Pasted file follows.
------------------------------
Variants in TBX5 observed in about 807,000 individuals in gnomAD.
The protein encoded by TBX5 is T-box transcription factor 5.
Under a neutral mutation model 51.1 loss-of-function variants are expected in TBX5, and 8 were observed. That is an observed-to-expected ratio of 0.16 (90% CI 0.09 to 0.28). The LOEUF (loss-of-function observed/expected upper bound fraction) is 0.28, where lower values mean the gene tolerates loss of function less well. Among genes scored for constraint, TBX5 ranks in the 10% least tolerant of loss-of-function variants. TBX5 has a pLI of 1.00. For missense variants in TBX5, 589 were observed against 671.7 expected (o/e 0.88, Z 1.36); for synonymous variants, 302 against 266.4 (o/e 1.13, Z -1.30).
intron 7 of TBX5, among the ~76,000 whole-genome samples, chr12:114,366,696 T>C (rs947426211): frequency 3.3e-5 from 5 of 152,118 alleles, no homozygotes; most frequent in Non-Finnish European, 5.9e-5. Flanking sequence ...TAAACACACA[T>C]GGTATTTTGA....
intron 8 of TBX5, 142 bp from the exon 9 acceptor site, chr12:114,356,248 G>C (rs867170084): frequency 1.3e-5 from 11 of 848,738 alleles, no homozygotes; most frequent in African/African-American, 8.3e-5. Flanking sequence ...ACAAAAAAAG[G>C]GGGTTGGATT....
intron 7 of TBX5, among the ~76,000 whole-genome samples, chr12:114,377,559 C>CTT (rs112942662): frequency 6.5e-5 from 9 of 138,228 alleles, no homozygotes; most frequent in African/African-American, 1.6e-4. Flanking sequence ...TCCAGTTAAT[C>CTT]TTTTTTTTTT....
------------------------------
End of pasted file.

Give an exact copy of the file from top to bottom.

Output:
Variants in TBX5 observed in about 807,000 individuals in gnomAD.
The protein encoded by TBX5 is T-box transcription factor 5.
Under a neutral mutation model 51.1 loss-of-function variants are expected in TBX5, and 8 were observed. That is an observed-to-expected ratio of 0.16 (90% CI 0.09 to 0.28). The LOEUF (loss-of-function observed/expected upper bound fraction) is 0.28, where lower values mean the gene tolerates loss of function less well. Among genes scored for constraint, TBX5 ranks in the 10% least tolerant of loss-of-function variants. TBX5 has a pLI of 1.00. For missense variants in TBX5, 589 were observed against 671.7 expected (o/e 0.88, Z 1.36); for synonymous variants, 302 against 266.4 (o/e 1.13, Z -1.30).
intron 7 of TBX5, among the ~76,000 whole-genome samples, chr12:114,366,696 T>C (rs947426211): frequency 3.3e-5 from 5 of 152,118 alleles, no homozygotes; most frequent in Non-Finnish European, 5.9e-5. Flanking sequence ...TAAACACACA[T>C]GGTATTTTGA....
intron 8 of TBX5, 142 bp from the exon 9 acceptor site, chr12:114,356,248 G>C (rs867170084): frequency 1.3e-5 from 11 of 848,738 alleles, no homozygotes; most frequent in African/African-American, 8.3e-5. Flanking sequence ...ACAAAAAAAG[G>C]GGGTTGGATT....
intron 7 of TBX5, among the ~76,000 whole-genome samples, chr12:114,377,559 C>CTT (rs112942662): frequency 6.5e-5 from 9 of 138,228 alleles, no homozygotes; most frequent in African/African-American, 1.6e-4. Flanking sequence ...TCCAGTTAAT[C>CTT]TTTTTTTTTT....